That's how it works in this day and age.
Back to the OP. You need to get a really superb finish on your HARD replacement insert. You should be able to measure the old race well enough to get near if you cut it in half. It needs to be very close to the ball diameter. Ideally you'd harden the race and then grind it to suit, but that's pretty specialist.
I'd fit ceramic balls when you've made it; they (apparently) iron out the creases in your race and it should last longer.
Edited By Nigel Bennett on 23/08/2018 09:12:37
|12 forum posts|
radus should be somewhat oversize to obtain line contact and ease of alignment when doctoring an or baliss willey the gash box turned up a pair of magneto bearings that did the job with minimal fiddling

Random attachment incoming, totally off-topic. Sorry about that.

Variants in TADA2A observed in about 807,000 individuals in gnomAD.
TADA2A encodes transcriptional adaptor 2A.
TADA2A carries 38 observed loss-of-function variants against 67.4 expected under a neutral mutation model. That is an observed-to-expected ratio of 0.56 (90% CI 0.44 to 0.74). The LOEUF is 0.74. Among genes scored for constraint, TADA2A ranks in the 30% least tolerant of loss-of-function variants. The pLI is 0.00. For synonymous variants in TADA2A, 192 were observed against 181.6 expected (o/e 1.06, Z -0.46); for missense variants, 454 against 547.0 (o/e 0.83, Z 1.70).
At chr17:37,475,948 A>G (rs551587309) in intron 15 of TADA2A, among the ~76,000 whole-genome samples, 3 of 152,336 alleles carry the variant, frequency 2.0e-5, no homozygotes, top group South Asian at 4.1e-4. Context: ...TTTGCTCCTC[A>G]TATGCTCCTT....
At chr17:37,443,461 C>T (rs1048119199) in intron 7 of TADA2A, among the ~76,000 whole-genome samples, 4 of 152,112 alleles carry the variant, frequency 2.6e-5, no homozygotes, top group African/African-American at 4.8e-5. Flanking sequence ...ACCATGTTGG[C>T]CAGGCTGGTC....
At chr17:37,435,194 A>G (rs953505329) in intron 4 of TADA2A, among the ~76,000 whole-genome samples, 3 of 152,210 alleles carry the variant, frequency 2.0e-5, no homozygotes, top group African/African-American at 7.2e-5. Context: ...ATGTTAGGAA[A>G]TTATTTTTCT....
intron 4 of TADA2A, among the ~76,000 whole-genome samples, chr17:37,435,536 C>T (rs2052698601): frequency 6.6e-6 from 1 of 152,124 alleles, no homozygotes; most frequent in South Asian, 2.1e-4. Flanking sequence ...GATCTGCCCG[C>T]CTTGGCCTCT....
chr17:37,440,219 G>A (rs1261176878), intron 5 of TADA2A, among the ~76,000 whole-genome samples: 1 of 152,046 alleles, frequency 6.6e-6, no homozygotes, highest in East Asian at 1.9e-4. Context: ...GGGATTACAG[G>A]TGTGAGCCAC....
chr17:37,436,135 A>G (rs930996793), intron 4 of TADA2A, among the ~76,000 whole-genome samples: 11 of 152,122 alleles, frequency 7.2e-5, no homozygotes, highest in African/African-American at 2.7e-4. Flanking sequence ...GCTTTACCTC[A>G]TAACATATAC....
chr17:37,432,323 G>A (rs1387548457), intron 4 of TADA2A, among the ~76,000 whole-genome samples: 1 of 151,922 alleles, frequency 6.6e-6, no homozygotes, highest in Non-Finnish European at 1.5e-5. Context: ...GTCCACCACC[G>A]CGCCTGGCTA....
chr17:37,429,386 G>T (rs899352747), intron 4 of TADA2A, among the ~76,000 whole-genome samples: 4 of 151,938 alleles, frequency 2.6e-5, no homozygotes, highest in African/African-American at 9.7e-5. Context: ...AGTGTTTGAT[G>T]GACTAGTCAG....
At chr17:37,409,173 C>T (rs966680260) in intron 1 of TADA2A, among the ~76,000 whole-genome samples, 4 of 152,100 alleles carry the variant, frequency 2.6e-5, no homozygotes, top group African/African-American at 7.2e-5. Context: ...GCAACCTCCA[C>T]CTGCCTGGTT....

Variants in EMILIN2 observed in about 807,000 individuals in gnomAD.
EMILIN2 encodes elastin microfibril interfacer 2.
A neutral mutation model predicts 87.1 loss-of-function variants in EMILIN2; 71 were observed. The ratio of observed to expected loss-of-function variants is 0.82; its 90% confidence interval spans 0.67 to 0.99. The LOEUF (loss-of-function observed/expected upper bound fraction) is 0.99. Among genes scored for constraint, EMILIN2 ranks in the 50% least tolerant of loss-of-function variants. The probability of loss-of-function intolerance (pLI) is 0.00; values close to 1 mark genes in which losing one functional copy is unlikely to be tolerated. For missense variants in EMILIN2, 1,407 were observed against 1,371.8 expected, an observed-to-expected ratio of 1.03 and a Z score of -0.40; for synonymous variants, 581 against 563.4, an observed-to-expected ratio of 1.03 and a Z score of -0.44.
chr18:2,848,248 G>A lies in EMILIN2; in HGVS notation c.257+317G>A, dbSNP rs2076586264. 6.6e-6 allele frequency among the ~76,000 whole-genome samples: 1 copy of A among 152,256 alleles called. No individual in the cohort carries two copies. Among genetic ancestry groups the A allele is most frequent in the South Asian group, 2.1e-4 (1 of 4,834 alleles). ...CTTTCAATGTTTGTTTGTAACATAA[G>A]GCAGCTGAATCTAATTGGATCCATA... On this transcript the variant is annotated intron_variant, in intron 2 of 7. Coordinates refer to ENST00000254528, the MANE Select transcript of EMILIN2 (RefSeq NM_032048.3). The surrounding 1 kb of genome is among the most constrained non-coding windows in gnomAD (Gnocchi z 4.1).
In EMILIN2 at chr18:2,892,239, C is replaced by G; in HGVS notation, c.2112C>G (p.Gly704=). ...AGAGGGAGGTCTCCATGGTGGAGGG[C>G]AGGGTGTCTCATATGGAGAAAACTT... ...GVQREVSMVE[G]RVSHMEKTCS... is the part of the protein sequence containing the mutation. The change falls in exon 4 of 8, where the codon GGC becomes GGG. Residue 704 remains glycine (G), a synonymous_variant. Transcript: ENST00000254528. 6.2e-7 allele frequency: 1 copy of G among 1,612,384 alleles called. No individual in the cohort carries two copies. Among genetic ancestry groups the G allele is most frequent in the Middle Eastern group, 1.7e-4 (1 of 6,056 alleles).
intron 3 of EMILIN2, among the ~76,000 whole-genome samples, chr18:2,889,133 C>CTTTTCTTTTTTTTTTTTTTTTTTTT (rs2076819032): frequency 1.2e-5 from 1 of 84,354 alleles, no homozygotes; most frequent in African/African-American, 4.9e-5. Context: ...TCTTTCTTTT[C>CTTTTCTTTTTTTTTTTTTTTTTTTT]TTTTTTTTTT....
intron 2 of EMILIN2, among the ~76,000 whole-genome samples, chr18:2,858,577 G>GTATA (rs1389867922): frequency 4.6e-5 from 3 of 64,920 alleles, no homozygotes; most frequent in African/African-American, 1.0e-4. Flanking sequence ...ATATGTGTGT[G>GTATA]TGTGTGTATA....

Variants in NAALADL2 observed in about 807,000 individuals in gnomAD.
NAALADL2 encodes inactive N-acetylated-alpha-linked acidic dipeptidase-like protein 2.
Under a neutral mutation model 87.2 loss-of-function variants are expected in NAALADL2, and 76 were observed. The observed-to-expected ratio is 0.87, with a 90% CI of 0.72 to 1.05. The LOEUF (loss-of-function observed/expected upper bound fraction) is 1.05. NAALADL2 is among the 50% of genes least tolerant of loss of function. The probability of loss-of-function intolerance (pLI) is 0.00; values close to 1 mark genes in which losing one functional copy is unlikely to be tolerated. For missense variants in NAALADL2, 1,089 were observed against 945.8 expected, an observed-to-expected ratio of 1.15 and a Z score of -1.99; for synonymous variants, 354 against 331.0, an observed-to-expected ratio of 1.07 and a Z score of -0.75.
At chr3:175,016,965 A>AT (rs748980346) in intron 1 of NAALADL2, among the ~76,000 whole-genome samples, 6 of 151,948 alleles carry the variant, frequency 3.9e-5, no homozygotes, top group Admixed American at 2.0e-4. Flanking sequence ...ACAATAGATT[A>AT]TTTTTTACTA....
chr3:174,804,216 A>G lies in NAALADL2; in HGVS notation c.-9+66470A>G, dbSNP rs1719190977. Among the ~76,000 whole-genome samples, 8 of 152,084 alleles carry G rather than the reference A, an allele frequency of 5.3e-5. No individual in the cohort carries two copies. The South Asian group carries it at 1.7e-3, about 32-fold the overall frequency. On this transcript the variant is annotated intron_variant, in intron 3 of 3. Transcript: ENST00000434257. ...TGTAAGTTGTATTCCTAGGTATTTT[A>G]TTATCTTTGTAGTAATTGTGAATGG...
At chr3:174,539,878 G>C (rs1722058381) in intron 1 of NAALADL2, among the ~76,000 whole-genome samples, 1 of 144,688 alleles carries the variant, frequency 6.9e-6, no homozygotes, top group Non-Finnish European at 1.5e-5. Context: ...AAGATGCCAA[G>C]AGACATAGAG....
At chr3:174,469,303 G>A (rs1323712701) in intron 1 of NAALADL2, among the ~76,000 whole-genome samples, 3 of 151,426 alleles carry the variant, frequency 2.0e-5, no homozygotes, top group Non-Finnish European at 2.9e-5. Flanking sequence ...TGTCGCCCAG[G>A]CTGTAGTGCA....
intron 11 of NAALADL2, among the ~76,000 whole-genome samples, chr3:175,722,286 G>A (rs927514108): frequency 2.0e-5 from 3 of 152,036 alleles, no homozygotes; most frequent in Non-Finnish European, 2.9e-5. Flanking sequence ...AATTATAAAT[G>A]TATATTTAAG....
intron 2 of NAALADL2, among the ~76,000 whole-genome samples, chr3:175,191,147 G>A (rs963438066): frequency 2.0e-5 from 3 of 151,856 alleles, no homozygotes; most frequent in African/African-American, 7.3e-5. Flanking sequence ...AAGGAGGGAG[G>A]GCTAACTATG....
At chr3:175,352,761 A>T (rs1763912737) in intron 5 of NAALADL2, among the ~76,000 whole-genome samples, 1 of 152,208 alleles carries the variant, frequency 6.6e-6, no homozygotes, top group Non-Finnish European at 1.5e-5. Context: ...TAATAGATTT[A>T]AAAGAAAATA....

|588 forum posts|
in case it's an odd fellow there is a family firm that will rebuild repair any old ball races and bearing....
not mad expensive...they will also hard chrome shafts and grind back to original size.......
can't find the address at the mo but they advertise in the old motorcycle magazines.......
seen their work and it brill....clogs
5999 forum posts
Oh the innocence of youth. Sounds like a lot of you have only seen modern wheels. Time was the shell in the wheel hub was a pressed in piece of pressed steel, probably not turned or ground, well hard of course. I think as Camper says you want a bigger radius. The more important question is overall diameter of the inside so that the balls rest at the right separation not quite rubbing.
|Richard chucklbutty||23/08/2018 13:55:36|
|58 forum posts|